Biosecurity:  Principles of CHIP- part 6

Biosecurity related to 4-H projects has become a focal point for many fairs and expositions. Learn the CHIP method to easily make biosecurity a part of your routine!

Biosecurity practices are becoming increasingly important in youth 4-H projects, fairs, and exhibitions.  The spread of pathogens from human to animal, animal to human, and farm to farm is a real and serious challenge that we face in this industry.

Pathogens, viruses or bacteria can spread quickly through animal species and cause sicknesses.  Pathogens are spread in various ways such as through the air, through waste materials such as urine or feces, and through direct contact. Although there are many ways in which pathogens can spread, the management practices that animal owners follow can help reduce the spread of pathogens in the environment.  4-H animal exhibitors can do their part to help safeguard the animal production industry by paying particular attention to their management, both on their own farms and during exhibition.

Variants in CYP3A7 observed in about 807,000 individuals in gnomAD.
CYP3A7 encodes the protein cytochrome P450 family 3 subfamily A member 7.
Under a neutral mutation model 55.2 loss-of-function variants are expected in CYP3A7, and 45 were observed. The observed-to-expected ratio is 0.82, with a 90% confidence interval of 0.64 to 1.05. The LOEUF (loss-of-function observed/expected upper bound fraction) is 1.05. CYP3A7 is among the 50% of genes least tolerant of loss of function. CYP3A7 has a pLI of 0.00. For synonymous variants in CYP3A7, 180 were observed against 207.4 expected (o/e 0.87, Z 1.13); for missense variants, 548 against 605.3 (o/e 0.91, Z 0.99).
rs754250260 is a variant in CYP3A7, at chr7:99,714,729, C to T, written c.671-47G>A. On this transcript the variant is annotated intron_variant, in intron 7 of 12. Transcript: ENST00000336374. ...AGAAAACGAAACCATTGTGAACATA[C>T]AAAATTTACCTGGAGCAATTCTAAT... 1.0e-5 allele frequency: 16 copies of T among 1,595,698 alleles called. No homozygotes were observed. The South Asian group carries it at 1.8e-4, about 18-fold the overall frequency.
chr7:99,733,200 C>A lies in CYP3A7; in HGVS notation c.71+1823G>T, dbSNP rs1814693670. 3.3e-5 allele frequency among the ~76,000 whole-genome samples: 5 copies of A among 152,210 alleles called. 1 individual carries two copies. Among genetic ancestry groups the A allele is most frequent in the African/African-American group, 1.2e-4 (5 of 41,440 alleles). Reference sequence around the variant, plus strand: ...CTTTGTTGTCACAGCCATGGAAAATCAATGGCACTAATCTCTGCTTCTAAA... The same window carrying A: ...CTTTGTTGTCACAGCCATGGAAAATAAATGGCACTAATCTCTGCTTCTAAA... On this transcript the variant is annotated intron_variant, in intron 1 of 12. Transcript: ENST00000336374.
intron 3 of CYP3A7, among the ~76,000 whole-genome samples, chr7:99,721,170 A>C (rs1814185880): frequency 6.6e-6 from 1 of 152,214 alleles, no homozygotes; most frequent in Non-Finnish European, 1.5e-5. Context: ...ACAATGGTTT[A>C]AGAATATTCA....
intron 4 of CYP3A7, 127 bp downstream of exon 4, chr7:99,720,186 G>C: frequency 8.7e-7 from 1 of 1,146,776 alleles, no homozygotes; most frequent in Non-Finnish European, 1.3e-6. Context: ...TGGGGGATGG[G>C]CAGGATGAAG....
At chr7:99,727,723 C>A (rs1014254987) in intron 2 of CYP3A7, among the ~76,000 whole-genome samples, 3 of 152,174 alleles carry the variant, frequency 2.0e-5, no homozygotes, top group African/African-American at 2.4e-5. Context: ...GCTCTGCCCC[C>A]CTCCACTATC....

The previous series of articles has explained the principles of CHIP and some practical ways biosecurity measures can be implemented in youth 4-H projects. 4-H leaders can help teach youth about the principles of CHIP by accessing and using the Animal Science Anywhere: Basics of Biosecurity resource from Michigan State University Extension.

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